Hey, Everyone. This is Matt from SEOToolsPros.com. We’re going to teach you how to create HD images of your favorite celebrity. You’ll need a very fast internet connection and some software that handles HD footage specifically for web usage. After you finish this tutorial, you’ll be able to create HD images of anyone you want and use them on your site or blog. Let’s get started.
The very first step is to determine whether you want the high definition photo realistic or the standard definition (SD) image. Let’s take a look at each one.
High Definition (HD)
An HD image is one that is digitally mastered to create a superior viewing experience for your audience. To put it simply, an HD image looks more like what your eye would naturally see rather than a standard definition (SD) image which looks more like what your eye would see on a small screen or mobile device.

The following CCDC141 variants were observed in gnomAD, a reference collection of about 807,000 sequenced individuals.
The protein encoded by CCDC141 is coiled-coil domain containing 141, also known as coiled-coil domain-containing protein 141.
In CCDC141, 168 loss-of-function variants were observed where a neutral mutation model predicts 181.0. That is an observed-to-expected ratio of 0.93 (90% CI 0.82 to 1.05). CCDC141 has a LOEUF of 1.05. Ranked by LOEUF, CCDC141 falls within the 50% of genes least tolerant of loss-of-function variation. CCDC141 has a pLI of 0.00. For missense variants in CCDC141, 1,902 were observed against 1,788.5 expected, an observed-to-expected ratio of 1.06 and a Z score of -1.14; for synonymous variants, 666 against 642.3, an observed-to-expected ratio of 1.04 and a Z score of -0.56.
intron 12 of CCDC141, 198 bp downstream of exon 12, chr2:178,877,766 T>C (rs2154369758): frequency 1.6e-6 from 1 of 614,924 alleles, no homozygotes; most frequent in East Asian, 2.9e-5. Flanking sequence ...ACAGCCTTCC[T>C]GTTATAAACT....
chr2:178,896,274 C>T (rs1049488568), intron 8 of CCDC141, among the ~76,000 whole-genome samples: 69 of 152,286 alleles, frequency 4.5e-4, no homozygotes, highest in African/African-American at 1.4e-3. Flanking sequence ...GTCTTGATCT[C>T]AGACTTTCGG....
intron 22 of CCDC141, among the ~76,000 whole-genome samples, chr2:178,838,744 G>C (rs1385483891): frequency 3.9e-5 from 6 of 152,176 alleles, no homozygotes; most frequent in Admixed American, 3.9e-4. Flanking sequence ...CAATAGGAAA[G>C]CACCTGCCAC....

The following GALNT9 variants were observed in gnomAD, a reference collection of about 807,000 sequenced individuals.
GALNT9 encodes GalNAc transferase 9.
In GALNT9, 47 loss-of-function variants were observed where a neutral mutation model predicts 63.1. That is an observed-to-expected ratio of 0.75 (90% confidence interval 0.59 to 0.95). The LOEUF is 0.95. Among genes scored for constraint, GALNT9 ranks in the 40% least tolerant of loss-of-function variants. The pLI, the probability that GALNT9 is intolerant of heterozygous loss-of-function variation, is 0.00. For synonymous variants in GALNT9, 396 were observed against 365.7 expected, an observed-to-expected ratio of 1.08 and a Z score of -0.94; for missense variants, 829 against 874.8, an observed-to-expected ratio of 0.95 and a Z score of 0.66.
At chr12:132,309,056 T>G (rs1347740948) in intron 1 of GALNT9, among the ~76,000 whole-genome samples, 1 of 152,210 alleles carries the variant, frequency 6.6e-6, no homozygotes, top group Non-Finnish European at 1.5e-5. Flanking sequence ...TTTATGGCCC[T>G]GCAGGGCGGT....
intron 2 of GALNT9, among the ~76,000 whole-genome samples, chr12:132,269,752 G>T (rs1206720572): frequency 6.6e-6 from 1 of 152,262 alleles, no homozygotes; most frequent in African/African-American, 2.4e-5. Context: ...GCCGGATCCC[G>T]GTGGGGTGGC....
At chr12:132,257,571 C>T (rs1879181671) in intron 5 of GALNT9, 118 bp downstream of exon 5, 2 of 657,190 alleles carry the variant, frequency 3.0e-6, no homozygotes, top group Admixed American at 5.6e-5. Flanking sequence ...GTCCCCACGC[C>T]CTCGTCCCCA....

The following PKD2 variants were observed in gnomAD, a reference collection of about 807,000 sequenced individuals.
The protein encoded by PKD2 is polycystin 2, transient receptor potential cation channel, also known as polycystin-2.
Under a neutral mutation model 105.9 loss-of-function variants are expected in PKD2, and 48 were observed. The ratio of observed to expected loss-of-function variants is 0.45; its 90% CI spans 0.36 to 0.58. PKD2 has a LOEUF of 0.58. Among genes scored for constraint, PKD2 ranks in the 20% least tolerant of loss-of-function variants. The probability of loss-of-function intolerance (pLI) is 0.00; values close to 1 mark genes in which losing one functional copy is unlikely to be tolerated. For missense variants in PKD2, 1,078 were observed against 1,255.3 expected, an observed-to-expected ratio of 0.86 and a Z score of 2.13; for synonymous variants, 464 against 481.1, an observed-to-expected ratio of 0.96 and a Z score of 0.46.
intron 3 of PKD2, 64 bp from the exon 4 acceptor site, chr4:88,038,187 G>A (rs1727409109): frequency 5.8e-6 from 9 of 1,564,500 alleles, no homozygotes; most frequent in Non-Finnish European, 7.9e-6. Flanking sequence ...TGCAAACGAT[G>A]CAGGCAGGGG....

Creating an HD image requires a bit more work but is well worth it. First, you need to decide how big of an image you want. There are three options: full image with no cropping, cropped image with sidescrolling, and cropped image with no lifting (the subject stays within the frame and only parts of the image outside of the frame are cut off).
Next, you need to decide on the orientation of the image (portrait or landscape). For this tutorial, we’re going to go with portrait orientation. With the portrait orientation, the subject is positioned with their side facing the camera. The standard orientation is landscape which is the opposite—the subject is facing the viewer when the image is displayed.